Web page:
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New Report Shows Iran Expanding Enrichment At Underground Nuclear Facility

By Hayes Brown and Hamed Aleaziz  

"New Report Shows Iran Expanding Enrichment At Underground Nuclear Facility"

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A new report released on Friday by the International Atomic Energy Agency declares that while Iran’s nuclear program has moved forward, the motion is incremental in nature. The report comes as speculation continues to grow about whether the U.S. and Iran will engage in direct talks.

While the number of centrifuges installed at the Fordow nuclear site, buried into the side of a mountain, has increased, the number that are operational has stayed the same. Likewise, the amount of uranium that has been enriched to a 20 percent level has actually decreased since the August 2012 report. This is due to a large amount of material being converted, or slated for conversion, to be used in reactor fuel plates. While not impossible to transform this material back into uranium for further enrichment, it greatly complicates the process.

In terms of the nature of Iran’s program, the full report notes that since August there has no new ability of the IAEA to completely verify Iran’s work due to there being “no agreement on a structured approach to resolving outstanding issues related to possible military dimensions to Iran’s nuclear programme and no agreement by Iran to the Agency’s request for access to the Parchin site.”

Iran experts, like Jamal Abdi, the policy director at the National Iranian American Council, say the report offers “no surprises” and that it’s clear that Iran is continuing “to modestly increase its bargaining position but hasn’t made any dramatic escalatory moves like installing advanced machines or enriching above medium grade.” Abdi told ThinkProgress that the “same number of centrifuges are spinning at Fordow, and Iran’s medium enriched uranium quantities are still well below the amount required for a weapon.” Others, like Mark Fitzpatrick, the director of the International Institute for Strategic Studies’ Non-Proliferation and Disarmament Program, come to a similar conclusion. Fitzpatrick tweeted that the report “shows Iran continues to make incremental advances, but almost as if calibrating progress so as not to spark a crisis.” He also tweeted that the report shows that Iran “has 10% more enriched uranium and 10% more centrifuges than 3 months ago. The rial dropped 40%, so this time sanctions are winning.”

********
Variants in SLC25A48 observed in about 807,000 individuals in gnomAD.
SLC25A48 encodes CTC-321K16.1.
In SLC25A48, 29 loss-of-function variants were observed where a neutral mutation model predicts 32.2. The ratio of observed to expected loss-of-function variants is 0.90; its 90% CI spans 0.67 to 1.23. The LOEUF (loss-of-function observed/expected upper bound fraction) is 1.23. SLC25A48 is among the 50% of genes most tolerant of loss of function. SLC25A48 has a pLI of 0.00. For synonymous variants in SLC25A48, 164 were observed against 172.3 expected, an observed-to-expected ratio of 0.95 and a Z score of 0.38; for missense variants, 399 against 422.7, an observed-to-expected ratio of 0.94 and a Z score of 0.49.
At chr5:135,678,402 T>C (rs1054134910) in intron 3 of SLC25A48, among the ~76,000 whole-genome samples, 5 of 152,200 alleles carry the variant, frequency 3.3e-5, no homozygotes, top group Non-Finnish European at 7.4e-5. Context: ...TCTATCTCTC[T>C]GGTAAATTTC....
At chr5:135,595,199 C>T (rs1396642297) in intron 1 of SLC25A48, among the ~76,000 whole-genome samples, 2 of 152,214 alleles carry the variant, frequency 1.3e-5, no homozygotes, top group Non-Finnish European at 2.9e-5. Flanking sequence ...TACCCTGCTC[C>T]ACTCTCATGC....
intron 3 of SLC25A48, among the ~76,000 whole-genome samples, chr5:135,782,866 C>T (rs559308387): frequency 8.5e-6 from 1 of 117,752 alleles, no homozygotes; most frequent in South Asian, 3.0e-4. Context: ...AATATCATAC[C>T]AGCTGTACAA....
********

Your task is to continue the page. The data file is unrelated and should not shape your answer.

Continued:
To some, like Cliff Kupchan, an Iran analyst at the Eurasia Group, the report indicates that, “Iran has crafted its nuclear posture to gain leverage at likely upcoming talks.” Kupchan said to ThinkProgress that “Iran could quickly increase production of dangerous medium enriched uranium -– but has for now chosen not to.” He added that “in effect, Iran has pointed a loaded diplomatic gun at the West, hoping that it will see the most attractive offer possible from the U.S. and its partners.”

The Obama administration has enforced sanctions against Iran with the goal of inducing a diplomatic solution. Thus far, sanctions have had an impact: Iran has lost $48 billion in oil reserves because of them. What’s more, last month the Congressional Research Service reported that, “many judge that Iran might soon decide it needs a nuclear compromise to produce an easing of sanctions.” Indeed, influential Iranian officials have recently said that diplomacy with the U.S. is not “taboo.” Officials from the U.S. and Israel believe Iran has not yet decided on whether to build a nuclear weapon.

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